Abate 6.5 – at times he looked like the only one who can run with Barca players and dispossess them rather than wait. Can forgive him the first goal.
Thiago Silva 6.5 – some shaky moments but a game-tying goal. Will forgive him the first goal.
Nesta 7.5 MOTM – Minister of Defence back at his position. What’s his tackling level on those games the youth loves so much? I nominate 1 000 000 000.
Zambrotta 6 – the heat map showed Barca put most pressure on him. Coped ok with it though not too good.
Nocerino 5.5 – won a crucial corner Gattuso style and covered the most ground by our players. But did he caught my eye overall? No.
Van Bommel 6 – stupid card but smart pressure all the time. He was leading our midfield in the defensive phase.
Seedorf 6.5 – only one who could hold the ball for a second and let his teammates breath. And a nice assist from the corner.
Ambrosini 5 – off-form or finished? Played through slight injury? Silly fouls and bad touches. Nothing positive.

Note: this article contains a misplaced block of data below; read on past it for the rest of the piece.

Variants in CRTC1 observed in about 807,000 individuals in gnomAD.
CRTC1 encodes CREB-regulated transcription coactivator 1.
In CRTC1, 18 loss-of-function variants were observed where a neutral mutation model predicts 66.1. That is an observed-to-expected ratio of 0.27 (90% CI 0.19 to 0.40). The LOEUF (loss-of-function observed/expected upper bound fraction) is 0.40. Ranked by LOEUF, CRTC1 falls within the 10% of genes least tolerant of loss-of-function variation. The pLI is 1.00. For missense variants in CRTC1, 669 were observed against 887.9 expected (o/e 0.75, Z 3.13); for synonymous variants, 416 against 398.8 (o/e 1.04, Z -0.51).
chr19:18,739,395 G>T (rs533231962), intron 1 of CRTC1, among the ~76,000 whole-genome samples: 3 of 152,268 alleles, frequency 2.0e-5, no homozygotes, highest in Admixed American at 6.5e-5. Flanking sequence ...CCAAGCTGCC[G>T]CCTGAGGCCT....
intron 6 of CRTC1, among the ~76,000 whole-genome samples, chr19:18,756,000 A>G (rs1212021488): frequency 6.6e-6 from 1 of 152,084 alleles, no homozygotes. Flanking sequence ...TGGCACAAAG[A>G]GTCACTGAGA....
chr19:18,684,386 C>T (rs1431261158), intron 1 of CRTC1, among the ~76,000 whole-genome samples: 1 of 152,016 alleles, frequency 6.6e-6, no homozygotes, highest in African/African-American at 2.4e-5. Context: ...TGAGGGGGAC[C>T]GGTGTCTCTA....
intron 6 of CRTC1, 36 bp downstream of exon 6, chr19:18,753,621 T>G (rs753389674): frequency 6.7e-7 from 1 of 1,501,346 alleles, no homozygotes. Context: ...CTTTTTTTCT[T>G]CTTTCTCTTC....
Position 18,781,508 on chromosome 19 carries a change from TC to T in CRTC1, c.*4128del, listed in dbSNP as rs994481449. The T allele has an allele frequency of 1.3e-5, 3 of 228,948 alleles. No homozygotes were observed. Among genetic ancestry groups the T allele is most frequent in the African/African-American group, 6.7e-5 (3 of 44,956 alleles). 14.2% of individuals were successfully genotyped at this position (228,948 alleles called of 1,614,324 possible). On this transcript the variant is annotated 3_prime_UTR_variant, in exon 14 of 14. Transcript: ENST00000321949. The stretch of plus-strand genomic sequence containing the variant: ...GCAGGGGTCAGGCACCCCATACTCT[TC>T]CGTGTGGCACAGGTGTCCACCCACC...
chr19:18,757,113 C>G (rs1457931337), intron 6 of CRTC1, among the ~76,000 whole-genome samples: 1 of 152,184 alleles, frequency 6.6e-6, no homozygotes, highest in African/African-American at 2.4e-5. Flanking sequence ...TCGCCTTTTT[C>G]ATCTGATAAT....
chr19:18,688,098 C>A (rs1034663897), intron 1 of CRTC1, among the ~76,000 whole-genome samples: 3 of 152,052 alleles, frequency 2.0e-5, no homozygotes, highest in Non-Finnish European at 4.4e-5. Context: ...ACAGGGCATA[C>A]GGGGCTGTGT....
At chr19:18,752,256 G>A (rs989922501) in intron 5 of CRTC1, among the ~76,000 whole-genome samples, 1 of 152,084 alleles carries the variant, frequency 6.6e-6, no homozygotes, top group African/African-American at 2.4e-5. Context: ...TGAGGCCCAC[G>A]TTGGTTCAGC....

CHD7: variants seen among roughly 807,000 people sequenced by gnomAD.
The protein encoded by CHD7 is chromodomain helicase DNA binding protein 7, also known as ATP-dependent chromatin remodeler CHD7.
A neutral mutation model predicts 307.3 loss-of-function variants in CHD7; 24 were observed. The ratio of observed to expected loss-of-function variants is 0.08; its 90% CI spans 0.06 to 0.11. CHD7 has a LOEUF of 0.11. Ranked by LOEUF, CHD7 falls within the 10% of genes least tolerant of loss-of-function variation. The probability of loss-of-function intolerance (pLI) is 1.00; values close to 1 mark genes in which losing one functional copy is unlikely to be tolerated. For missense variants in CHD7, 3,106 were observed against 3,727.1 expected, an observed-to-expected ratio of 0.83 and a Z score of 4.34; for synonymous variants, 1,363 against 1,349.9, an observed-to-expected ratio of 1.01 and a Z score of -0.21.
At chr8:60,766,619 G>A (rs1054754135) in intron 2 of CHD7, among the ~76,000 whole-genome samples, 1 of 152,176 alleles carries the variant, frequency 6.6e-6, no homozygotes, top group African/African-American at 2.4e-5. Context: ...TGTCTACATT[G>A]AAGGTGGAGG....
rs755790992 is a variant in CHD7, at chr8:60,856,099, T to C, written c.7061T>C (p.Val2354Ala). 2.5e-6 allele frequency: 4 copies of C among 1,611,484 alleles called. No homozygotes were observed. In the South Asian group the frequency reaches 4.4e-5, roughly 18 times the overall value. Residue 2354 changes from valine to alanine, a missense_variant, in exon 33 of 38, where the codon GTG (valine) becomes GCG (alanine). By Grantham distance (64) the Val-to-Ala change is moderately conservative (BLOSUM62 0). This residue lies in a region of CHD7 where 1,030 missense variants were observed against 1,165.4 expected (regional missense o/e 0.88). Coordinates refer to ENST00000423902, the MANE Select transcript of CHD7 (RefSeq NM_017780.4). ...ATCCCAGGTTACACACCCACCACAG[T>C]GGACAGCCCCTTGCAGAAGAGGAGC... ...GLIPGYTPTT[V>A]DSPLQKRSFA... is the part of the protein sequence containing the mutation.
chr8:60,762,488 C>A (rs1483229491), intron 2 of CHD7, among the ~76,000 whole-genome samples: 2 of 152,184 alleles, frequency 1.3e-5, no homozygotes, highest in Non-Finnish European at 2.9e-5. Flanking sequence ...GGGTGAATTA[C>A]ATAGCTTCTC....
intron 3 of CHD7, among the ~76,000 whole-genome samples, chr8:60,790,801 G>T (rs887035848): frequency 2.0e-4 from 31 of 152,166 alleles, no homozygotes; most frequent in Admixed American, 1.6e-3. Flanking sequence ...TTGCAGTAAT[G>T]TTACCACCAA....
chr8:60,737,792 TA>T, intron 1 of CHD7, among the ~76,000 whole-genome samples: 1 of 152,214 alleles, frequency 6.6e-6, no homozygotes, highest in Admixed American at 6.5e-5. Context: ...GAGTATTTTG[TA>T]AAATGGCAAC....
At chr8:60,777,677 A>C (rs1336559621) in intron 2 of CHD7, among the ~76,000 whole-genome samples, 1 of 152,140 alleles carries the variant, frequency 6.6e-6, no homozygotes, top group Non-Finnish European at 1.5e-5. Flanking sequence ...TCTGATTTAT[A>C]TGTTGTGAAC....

Cassano 4.5 – dreadful game. Maybe not suited for such a match but definetely fatigued of all the games he has had over the week.
Pato 6.5 – great to see him scoring. Great to see him scoring in Europe. Could he have done better at some chances? Yes, but with only few touches on the ball we can’t expect all of them to be perfect. Could anyone do better than his opener? No, that is the goal of the season.
Milan 6.5 – the attack was lacking but the defense of the whole team was to be proud of.
Allegri 6.5 – fixed the problems from Lazio game and made the most with depleted selection.